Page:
The Wheeler Opera House, named for benefactor Jerome Byron Wheeler, was completed and opened to the public in 1889. Its construction reflected the growth and cultural development of Aspen during the last decades of the 19th century, growth that was largely based on a burgeoning silver mining trade. From its inception, the Opera House was a multi-use building, encompassing not only the third floor theatre, but also commercial storefronts, bank, office, and storage space. The building suffered two fires in 1912, and the theatre sat vacant for a number of years, finally undergoing a complete restoration in 1984. Today, the Wheeler Opera House is considered to be "the crown jewel of Aspen," and is one of the best known performance venues in the country.
Farewell Mills Gatsch Architects, LLC (FMG) was retained by the Wheeler Opera House to evaluate possible expansion. FMG reviewed existing documentation, the building and site conditions, and met with representative members of the community and the City to discuss a possible project. The goal of these services was to identify opportunities and challenges associated with possible expansion and to develop recommendations for next steps.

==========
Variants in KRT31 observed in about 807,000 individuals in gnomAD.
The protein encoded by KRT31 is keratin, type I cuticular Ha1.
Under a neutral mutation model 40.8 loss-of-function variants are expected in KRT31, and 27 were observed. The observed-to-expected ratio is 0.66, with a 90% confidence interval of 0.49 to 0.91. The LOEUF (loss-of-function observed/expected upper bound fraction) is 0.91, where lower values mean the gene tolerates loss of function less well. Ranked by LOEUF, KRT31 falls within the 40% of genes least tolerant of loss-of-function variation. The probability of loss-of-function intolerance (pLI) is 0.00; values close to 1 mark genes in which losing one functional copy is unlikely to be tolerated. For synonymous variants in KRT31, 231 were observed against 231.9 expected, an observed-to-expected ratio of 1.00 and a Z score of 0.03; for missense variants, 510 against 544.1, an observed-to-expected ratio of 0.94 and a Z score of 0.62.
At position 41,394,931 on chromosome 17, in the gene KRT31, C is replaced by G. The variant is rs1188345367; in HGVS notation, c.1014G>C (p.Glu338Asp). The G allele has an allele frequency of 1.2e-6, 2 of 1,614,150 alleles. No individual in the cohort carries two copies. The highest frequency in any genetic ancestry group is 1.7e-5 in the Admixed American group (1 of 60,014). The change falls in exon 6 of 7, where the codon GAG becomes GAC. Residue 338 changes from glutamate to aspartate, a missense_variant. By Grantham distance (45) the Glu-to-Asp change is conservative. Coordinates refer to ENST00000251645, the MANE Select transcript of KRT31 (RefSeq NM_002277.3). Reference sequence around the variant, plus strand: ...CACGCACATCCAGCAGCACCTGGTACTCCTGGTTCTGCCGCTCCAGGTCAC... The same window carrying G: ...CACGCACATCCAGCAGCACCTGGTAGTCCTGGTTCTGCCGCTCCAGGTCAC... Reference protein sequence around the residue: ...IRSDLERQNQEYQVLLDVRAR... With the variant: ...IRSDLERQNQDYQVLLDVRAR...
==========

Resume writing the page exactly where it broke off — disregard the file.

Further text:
Subsequently, FMG was commissioned to prepare a concept design for a new addition. This project takes as a point of departure the landscape of the Roaring Fork Valley and the Richardsonian Romanesque Wheeler Opera House. Constructed of a rusticated Colorado sandstone, the new building will evoke the geology of the Valley. A deep, eroded, stone-clad volume will allow lobbies, stairs, support spaces and the new 250-seat theatre to be visible through a transparent, cascading façade. The project is being designed to the highest environmental standards, and includes rainwater harvesting, a green roof, and geothermal HVAC. The intent is to achieve a carbon neutral environment that includes both the original building and the new addition.